LANTERN FESTIVAL: The 15th day of the lunar month is the traditional Chinese Yuanxiao Festival. Because the first lunar month is also called “yuan” month; the night of the 15th day of yuan month is the first night that the moon gets full; xiao means “night,” so the festival is named Yuanxiao Festival or Shangyuan Festival, Yuanxiao Festival or Lantern Festival. The Chinese people have a custom of enjoying lanterns on Lantern Festival, which is said as “holding ceremonies of festival lanterns on the 15th day of the first lunar month.” The custom come from the Taoist “Theory of Three Yuan”: the 15th day of the first lunar month is Shangyuan Festival; that of the seventh lunar month is Zhongyuan Festival; and that of the tenth lunar month is Xiayuan Festival. These three yuan are in the charge of three officials: heaven, earth and human world respectively. The official of heaven likes joyful things, so lanterns should be lit on Shangyuan Festival. The custom of lighting lanterns on Lantern Festival has already appeared in the Han Dynasty. After generations of development, more and more varieties of lanterns come into being and the forms of playing vary too, for example, there are mirror-like lanterns, phoenix lanterns, colored glaze lanterns, people also set off fireworks to go with the festival atmosphere. That “Shining trees and sparkling fireworks weaves an unsleeping night” is the description of the beautiful scenes on the night of Lantern Festival.

DRAGON BOAT FESTIVAL: About the origin of Dragon Boat Festival there are a lot of versions, the most influential one of which is that it is a festival that commemorates Qu Yuan. This version has almost been taken as a common sense among the Chinese people. Qu Yuan (c. 340-278 BC) was a senior state official in the state of Chu in the Warring States Period. Among the seven states then (Qi, Chu, Yan, Han, Zhao, Wei and Qin), Qin was the most powerful one and it intended to conquer the other six and dominate China. Qu’s capability won the recognition of Huaiwang (Huai King of Chu). However, Qu’s opinion that Chu should carry out a political reform and cooperate with the other states to fight against Qin met opposition from his fellow officials. They spoke ill of Qu before Huaiwang, and as a result, Huaiwang gradually became estranged from Qu, and finally he drove Qu out of the capital of Chu. Finally, Chu was defeated by Qin. Grieved and indignant, Qu Yuan jumped into Miluo River and ended his life. That day was the fifth day of the fifth lunar month in 278 BC. When people got the news that Qu Yuan had drowned himself, they all got very sad and rowed to get his dead body but failed. To save the body from the fish, people threw food into the river to distract their attention. From then on, people always row dragon boats on rivers to mourn over Qu Yuan on the fifth day of the fifth lunar month every year. Moreover, they fill the bamboo cans with rice and throw them into rivers as a memorial ceremony. It was said that once someone met Qu Yuan by the river and Qu said, “The food you gave me has been robbed by the dragon. You’d better wrap the rice with bamboo or reed leaves and fasten it with colored threads, for these things are what dragons are most afraid of.” Since then, people began to commemorate Qu Yuan with zongzi which are made of glutinous rice wrapped in bamboo or reed leaves, and thus zongzi become the traditional food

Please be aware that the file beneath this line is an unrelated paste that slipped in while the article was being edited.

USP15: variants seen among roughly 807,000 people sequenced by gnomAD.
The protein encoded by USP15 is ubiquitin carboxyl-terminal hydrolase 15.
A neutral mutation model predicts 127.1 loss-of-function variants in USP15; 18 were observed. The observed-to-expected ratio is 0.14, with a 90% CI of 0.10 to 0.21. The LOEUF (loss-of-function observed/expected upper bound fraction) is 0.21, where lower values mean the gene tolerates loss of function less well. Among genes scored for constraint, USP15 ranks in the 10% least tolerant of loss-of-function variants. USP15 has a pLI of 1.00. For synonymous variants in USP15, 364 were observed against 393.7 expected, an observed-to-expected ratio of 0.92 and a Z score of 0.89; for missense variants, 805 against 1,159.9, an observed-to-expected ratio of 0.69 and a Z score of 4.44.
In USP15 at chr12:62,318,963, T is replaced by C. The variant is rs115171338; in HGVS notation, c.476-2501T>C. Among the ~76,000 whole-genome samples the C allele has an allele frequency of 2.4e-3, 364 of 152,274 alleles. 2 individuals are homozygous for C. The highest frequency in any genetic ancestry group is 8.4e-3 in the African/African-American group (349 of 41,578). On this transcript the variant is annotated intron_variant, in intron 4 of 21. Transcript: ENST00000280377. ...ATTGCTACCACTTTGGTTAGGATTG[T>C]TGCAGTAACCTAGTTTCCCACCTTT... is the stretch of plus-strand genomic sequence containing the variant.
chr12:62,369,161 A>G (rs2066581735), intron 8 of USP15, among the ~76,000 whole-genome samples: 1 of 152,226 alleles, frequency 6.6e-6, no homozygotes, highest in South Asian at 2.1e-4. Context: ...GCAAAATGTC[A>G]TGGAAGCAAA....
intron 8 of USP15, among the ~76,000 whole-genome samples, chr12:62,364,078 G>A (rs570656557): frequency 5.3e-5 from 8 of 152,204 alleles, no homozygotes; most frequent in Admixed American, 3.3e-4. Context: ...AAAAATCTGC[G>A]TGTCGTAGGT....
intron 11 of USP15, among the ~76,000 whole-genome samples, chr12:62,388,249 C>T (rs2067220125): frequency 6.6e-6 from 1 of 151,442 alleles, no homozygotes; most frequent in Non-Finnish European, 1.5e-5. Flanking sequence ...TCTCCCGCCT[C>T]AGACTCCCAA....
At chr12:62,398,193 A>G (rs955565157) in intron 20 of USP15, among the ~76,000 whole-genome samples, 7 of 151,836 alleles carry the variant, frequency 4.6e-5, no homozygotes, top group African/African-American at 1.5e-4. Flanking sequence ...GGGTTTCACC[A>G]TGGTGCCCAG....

MID-AUTUMN FESTIVAL: According to the Chinese calendar, the seventh, eighth and ninth lunar months belong to autumn. The eighth lunar month is in the middle of autumn, and the 15th of the eighth month is in the middle of the month, so the festival is called “Mid-Autumn Festival.” In autumn it is usually clear and cool and there are seldom wandering clouds in the sky, so the moon is particularly bright and clear at night. It is on the night of the 15th day in the eighth lunar month that the moon becomes full, so it is the golden time for people to enjoy the moon. The full moon is considered as a symbol of reunion. Therefore Mid-Autumn Festival is also called “the Reunion Festival,” and it is a traditional festival only second to the Spring Festival.

The Mid-Autumn Festival has had a long history, and offering sacrifices to the moon and enjoy the moonlight were very important customs. Like eating zongzi on the Dragon Boat Festival and eating tangyuan on the Lantern Festival, eating moon cakes on Mid-Autumn Festival is a traditional Chinese custom. The moon cake is round, which signifies “tuanyuan” (reunion; in Chinese “round” is “yuan”), so it is also called “tuanyuan cake” in some places. Moon cakes are the essentials of Mid-Autumn Festival.